John Spezia: Our carbon legacy
Imagine a carbon-producing vehicle in 1850. It is not your normal vehicle with four tires and four doors. It is a vehicle that represents the entrance of the industrial age into our civilization, consuming large quantities of wood, coal, minerals, water, air and energy. It produces products and services for us, leaving behind polluted water, air, soil, human sickness and a century-long legacy of human misery yet to come.
In 1850, the carbon vehicle was producing 1/4 million metric tonnes of carbon per year (MMTC/Y). In the 1870s, we switched from wood and water to coal for energy, producing ¾ MMTC/Y, a total increase of 300%.
Next came oil, we produced 2 MMTC/Y, a total increase of 800%. After WWII, came the consumer age in 1950s. We produced 5 MMTC/Y, a total increase of 2,000%.
In the 1970s (15 MMTC/Y), we began to see the carbon-producing vehicle for what it was …. our nemesis. In the 1980s, big corporations fed misinformation that created confusion about global warming. The carbon vehicle produced 20 MMTC/Y, a total increase of 8,000%. With the onset of the electronic age in the 1990s, the carbon vehicle produced 27 MMTC/Y, a total increase of 10,800%.
Finally, the world’s nations started to meet and develop a plan, although weak and unenforceable, to deal with global warming on a voluntary basis. By 2000, the carbon vehicle produced 30 MMTC/Y, a total increase of 12,000%. The nations of the world met again in 2011 to set higher goals. Today, the carbon vehicle is producing 36 MMTC/Y, a total increase of 14,400%.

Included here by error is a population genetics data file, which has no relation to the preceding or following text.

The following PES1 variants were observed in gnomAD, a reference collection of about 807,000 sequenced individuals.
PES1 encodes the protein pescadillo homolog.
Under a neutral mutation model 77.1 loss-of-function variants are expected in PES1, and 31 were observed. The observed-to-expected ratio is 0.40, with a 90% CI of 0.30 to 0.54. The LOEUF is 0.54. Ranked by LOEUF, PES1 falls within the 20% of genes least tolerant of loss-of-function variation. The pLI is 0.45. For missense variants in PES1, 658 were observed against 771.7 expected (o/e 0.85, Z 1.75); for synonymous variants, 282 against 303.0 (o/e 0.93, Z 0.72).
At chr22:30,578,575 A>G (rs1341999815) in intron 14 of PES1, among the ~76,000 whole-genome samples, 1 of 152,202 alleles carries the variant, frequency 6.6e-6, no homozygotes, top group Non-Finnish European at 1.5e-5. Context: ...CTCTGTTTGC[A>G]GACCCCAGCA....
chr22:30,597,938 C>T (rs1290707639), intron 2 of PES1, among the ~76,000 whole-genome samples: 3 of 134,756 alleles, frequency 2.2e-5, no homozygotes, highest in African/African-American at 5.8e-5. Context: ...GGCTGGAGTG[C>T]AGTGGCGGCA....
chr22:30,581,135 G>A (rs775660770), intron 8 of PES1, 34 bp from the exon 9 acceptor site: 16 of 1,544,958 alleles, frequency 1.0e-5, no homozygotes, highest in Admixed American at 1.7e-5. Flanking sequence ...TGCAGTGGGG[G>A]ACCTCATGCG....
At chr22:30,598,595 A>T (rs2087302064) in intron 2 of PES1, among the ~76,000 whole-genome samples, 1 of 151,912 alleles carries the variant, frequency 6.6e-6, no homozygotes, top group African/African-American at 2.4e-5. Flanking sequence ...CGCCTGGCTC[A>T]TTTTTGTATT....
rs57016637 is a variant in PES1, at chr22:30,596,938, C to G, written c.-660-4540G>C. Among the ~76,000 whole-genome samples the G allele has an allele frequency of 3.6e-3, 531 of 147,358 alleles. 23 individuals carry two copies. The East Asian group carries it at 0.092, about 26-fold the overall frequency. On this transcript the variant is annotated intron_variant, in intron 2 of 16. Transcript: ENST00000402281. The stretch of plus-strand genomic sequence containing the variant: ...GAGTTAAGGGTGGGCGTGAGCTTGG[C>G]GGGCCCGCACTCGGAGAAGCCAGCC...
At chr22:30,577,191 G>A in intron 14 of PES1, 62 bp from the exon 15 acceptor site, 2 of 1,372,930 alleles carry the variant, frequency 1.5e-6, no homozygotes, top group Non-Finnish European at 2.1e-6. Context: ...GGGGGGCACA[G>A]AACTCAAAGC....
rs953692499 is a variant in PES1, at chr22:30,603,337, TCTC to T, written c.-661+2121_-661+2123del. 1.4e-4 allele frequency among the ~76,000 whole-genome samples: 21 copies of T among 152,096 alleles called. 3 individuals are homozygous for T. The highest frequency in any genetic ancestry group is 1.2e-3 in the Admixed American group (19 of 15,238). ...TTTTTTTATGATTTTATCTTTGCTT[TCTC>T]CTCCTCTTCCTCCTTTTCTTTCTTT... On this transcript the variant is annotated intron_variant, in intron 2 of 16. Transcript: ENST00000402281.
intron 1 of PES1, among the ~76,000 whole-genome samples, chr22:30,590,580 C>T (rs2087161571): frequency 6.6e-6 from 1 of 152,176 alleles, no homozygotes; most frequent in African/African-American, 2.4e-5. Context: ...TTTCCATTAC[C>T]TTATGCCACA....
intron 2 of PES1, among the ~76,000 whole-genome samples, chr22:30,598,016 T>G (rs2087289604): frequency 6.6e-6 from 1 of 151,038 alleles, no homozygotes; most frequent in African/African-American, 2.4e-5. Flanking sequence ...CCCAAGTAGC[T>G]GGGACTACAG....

We have waited so long that it is not a question of when we act but rather how fast and how much we are going to do. So, how are we going to change the status quo that is entrenched in everybody’s economic priorities?
We know changing habits is going to require many difficult sacrifices for each of us. We have solutions that have been sitting on the shelf for decades. We know there is not going to be a technological silver bullet to allow us to continue with our lives as usual.
We know if we continue to build, consume, grow and develop more, the carbon we put in the air today will affect the world for the next 100 years. Will we change our lives now for a future that most of us will never live to see?
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